But the Seattle Times is incorrect once again. The two-year deferral is not the sole protection applied to Fairy Creek.

Between Old Growth Management Areas (OGMAs) and Wildlife Habitat Areas, as much as 2/3rds of Fairy Creed is already protected.

That seems like a glaring omission for an ostensibly reputable paper.

The paper also wrote: "Old growth already is vanishingly rare in the province — and going fast."

Again, that's just not the case.

As Resource Works has previously written, old growth is abundant.


According to the BC government, there are about 13.7 million hectares of old growth forest in BC. Ten million hectares of these old growth forests are currently protected or not economical to harvest due to factors including terrain. Old growth forests make up about 23% of the province's forested areas.

Not only is much of Fairy Creek already protected, but it also isn't even the "last old growth," as some like to say. Not even close.

Take a look at this map, where the green circle represents the area that BC's parkland would comprise if grouped together, and the red circle represents OGMAs:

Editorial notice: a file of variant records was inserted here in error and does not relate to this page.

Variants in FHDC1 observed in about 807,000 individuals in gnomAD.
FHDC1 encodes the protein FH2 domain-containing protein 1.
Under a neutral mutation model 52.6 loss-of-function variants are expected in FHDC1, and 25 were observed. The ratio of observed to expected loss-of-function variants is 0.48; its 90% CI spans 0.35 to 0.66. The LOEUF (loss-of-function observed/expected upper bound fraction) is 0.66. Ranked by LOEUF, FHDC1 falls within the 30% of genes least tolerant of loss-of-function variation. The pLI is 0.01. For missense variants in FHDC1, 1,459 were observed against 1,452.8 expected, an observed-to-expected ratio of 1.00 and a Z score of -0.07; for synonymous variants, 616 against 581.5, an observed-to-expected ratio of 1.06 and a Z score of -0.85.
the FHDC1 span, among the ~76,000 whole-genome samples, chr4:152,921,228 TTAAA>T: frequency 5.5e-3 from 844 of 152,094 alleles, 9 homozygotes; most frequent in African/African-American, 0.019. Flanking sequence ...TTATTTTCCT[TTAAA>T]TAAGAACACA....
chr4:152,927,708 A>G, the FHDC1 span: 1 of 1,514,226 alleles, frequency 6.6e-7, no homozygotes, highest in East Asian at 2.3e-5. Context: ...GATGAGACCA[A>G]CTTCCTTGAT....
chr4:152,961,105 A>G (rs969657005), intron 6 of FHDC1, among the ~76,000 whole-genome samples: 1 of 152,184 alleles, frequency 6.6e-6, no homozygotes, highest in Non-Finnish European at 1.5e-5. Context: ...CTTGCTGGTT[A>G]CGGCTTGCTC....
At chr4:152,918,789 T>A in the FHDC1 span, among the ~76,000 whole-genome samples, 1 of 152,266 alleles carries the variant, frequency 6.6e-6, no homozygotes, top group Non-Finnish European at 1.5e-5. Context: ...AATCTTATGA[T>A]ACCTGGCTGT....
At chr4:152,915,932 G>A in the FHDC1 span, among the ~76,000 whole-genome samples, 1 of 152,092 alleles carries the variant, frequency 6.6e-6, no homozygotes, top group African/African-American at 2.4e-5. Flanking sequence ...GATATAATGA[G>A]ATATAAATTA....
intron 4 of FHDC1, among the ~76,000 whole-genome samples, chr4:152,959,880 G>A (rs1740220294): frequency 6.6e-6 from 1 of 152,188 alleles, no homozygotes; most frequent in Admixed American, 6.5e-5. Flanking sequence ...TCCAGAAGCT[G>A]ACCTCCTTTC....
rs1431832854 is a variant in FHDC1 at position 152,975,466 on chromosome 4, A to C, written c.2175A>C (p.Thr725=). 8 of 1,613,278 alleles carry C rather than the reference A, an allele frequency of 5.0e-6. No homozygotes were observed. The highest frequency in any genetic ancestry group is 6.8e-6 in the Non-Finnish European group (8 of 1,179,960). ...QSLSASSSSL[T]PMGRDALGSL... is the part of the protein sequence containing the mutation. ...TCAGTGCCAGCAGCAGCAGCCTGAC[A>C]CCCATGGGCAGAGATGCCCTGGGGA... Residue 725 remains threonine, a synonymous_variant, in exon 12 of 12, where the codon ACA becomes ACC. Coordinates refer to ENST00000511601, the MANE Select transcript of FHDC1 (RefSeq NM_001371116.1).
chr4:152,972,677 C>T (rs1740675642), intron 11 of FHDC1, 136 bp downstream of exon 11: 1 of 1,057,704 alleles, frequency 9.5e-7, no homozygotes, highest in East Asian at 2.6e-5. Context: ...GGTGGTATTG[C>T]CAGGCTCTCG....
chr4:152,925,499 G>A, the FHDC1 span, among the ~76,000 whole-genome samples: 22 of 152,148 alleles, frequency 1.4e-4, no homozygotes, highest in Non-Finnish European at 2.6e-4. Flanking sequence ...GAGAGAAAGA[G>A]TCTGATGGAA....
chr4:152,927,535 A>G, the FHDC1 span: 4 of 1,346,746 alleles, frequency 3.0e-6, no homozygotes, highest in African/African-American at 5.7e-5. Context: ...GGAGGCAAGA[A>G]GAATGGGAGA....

BC is a world leader when it comes to forest conservation.

Having corrected the definition of old growth, explained the existing protections in Fairy Creek, and shown the abundance of old growth forests in BC, let's take a look at another piece of misinformation given air time by the Seattle Times, among others.

There is an increasingly popular (and incorrect) refrain that Fairy Creek is home to a multiplicity of endangered flora and fauna.

Among other species, the Seattle Times cites the threatened Western Screech Owl.

Yet, compared to nearby locations, Fairy Creek can't boast a notable Western Screech Owl population. But I don't see any concerned citizens speaking up for the besieged owl population of the town of Duncan, north of Victoria.

Map derived from COSWEIC Public Data.

With so much of their previous rhetoric debunked, Fairy Creek blockaders must have been relieved to discover that besides Western Screech Owls, lichen, northern goshawks, western toads, northern red-legged frogs, and brown bats all call Fairy Creek home. According to some, that means that all logging in the area should stop, lest it endanger these species further.